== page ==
About

Montessori

Maria Montessori was an Italian doctor and teacher who lived from August 31, 1870, to May 6, 1952. She is best known for her philosophy of education, which is named after her. Her way of teaching is still used in public and private schools all over the world today.

When she graduated in 1896, Maria Montessori was the first woman in Italy to become a doctor. Her natural intellectual interest led her to study the minds of children and how they learn. She believed that environment was a big part of how a child grows up.

On January 6, 1902, Dr. Montessori opened her first Casa Dei Bambini, or house for children, in an area of Rome called San Lorenzo. It was in an apartment building. As part of her work at the University of Rome, she had been developing her ideas about education and Montessori materials while working with abandoned and intellectually-challenged children. It was at this school that she made them even better.

Montessori combined the ideas and methods of philosophers Itard and Seguin, who said that children learn best by using their senses and building on what they already know, with those of Froebel and Pestalozzi, who said that children learn best by doing things. Montessori thought that teachers should follow the child by giving them safe, interesting places to learn where they could choose activities based on what interested them. She thought that kids under 6 wanted to be independent, and their catch phrase was:

“Help me figure it out on my own”

Dr. Montessori’s work has been a source of inspiration for children and teachers for more than a century. It is still as well-known and respected as it was when she first became famous in 1907. In 1949, 1950, and 1951, Dr. Montessori was put forward for the Nobel Peace Prize.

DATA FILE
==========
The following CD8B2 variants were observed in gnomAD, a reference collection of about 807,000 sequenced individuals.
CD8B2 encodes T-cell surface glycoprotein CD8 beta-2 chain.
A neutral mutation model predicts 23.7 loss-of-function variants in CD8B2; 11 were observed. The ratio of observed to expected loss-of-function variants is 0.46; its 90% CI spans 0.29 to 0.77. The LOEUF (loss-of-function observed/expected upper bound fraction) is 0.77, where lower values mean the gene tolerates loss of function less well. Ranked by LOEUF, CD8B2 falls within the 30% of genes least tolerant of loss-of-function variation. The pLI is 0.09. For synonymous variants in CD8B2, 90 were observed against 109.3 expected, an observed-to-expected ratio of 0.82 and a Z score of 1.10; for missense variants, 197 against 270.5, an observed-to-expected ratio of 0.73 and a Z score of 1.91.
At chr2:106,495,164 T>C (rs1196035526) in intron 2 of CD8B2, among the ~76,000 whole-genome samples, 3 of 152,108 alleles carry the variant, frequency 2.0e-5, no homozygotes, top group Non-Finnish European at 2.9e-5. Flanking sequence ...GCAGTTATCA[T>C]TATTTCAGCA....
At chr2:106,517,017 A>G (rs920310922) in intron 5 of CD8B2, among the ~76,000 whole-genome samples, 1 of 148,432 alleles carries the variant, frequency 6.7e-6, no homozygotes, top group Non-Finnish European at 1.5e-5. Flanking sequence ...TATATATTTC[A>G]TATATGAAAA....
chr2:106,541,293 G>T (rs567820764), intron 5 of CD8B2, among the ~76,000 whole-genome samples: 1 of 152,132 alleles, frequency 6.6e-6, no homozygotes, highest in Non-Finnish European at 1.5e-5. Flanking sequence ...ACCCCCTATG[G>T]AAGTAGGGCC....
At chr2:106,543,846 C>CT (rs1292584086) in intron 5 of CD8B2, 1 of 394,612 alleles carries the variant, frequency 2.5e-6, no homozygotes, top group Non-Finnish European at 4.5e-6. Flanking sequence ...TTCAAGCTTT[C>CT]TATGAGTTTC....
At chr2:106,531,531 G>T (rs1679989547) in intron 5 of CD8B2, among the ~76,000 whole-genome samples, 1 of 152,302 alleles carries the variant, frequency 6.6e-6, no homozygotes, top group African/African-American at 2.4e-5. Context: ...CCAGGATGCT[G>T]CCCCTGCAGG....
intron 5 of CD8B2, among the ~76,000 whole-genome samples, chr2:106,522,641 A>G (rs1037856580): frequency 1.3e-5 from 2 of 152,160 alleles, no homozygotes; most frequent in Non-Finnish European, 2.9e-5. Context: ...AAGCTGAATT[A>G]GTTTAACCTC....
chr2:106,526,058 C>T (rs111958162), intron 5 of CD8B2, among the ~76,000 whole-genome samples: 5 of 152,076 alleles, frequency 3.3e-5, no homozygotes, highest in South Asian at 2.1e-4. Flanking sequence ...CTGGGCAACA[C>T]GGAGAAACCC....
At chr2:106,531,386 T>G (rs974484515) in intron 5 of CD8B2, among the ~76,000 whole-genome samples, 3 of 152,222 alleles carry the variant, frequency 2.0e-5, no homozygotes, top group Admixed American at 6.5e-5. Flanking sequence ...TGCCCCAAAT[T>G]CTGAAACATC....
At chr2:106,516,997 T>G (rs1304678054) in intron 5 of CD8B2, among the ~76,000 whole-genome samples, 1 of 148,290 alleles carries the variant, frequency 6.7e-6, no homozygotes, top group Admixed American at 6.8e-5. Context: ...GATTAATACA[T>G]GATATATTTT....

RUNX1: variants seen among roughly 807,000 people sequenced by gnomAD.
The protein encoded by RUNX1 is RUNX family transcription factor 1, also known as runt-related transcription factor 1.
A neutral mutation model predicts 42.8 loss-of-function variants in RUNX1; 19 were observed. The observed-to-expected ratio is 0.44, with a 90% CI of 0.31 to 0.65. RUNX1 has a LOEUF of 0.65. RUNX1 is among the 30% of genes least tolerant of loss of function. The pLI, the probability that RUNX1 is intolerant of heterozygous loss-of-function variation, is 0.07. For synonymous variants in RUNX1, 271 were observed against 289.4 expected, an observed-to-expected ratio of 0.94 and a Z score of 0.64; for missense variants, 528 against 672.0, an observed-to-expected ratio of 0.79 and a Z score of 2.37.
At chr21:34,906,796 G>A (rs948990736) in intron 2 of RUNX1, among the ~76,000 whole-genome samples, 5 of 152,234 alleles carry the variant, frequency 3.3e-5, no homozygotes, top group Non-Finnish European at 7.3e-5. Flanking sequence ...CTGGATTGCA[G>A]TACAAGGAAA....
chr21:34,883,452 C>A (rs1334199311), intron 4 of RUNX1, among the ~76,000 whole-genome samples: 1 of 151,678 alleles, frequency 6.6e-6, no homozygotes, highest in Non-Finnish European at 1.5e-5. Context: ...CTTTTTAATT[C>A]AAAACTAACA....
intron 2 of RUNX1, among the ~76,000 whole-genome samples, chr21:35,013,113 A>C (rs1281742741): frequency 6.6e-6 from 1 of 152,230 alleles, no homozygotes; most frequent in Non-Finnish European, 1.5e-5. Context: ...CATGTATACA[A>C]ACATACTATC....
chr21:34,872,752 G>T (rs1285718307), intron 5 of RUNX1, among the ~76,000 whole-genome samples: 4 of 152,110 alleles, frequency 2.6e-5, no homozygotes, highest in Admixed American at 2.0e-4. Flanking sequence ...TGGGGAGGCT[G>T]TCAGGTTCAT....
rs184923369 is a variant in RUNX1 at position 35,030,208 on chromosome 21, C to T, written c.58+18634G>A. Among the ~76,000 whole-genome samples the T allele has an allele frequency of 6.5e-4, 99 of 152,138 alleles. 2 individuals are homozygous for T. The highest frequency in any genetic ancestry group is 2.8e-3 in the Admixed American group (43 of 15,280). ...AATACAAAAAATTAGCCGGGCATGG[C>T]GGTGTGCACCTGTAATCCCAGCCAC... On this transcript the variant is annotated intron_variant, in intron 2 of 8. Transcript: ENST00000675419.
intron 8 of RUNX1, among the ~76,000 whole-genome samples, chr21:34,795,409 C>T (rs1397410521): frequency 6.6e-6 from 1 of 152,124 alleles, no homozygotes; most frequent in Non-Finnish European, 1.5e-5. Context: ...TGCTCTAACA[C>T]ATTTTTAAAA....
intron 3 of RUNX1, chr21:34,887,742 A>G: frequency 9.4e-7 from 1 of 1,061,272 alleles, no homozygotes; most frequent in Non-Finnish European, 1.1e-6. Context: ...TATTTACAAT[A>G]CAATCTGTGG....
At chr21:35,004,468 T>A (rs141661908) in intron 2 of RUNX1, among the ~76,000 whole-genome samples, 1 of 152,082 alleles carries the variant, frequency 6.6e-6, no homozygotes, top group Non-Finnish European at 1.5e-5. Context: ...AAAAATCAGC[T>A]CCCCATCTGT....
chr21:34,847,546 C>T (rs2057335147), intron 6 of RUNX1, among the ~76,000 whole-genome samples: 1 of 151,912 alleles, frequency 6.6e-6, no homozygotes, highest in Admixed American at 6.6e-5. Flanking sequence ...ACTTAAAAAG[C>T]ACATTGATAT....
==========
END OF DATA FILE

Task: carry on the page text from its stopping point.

How Montessori education works – the principles

Montessori found that a child goes through four stages of development as they grow up.

  • From birth to age six, a child’s “absorbent mind” allows them to learn everything about their environment, language, and culture.
  • In the second plane, from ages six to twelve, the child uses a “reasoning mind” to think about and imagine the world in abstract ways.
  • In the third plane, from 12 to 18, the teen has a “humanistic mind” that wants to learn more about people and how he or she can help society.
  • In the last stage of development, between the ages of 18 and 24, an adult explores the world with a “specialist mind” and finds his or her place in it.

At Wattle Montessori, the first plane of development’s ideas and ways of doing things are used.

The first principle – The Absorbent Mind.

Unconscious Absorption

  • Montessori thought that a baby could learn about his or her environment just by being in it. She showed this by talking about how a child learns to talk.
  • Montessori thinks that the first three years are based on unconscious absorbption.
  • We don’t know that the child has been absorbing things from the environment until the child makes them conscious, like when the child says his or her first word.
  • A baby’s senses take in everything he sees, hears, feels, and tastes. The child puts everything he touches in his mouth and looks at it closely.

Conscious Level

  • Around age 3, a child starts to be aware of what he or she has already learned and continues to take in.
  • The child is now starting to put things into groups, such as different shades of red for the colour red.
  • This substage, which lasts until about age six, is marked by learning language and mastering physical movements.

Second Principle: There are good times to learn

  • Montessori thought that there are times in a child’s life when it is easier for them to learn.
  • Once these times have passed, they can still learn, but they have to work at it.
  • These are now called “windows of opportunity,” and new brain research has shown that they are real.

From zero to six years the child is sensitive to:

  • Order
  • Acquiring Language
  • Movement
  • Social Aspects of Life
  • Small Objects
  • Learning Through the Senses.

Guiding Montessori Principles

  • The child wants to learn.
  • The child has an innate tendency to explore.
  • The child wants to choose it and do it for him/herself.
  • The child learns through his/her senses.
  • The hand is the chief instrument of the brain.
  • The child wants to do what we do and use the same things we use.
  • The child is fascinated by small objects.
  • The child likes things to be orderly and beautiful.
  • The child wants a chance to practice things
  • The child wants to do it right.
  • Practice makes perfect and permanent.
  • The child is interested in his /her social group.
  • The child has an intense desire to communicate and is particularly receptive to language.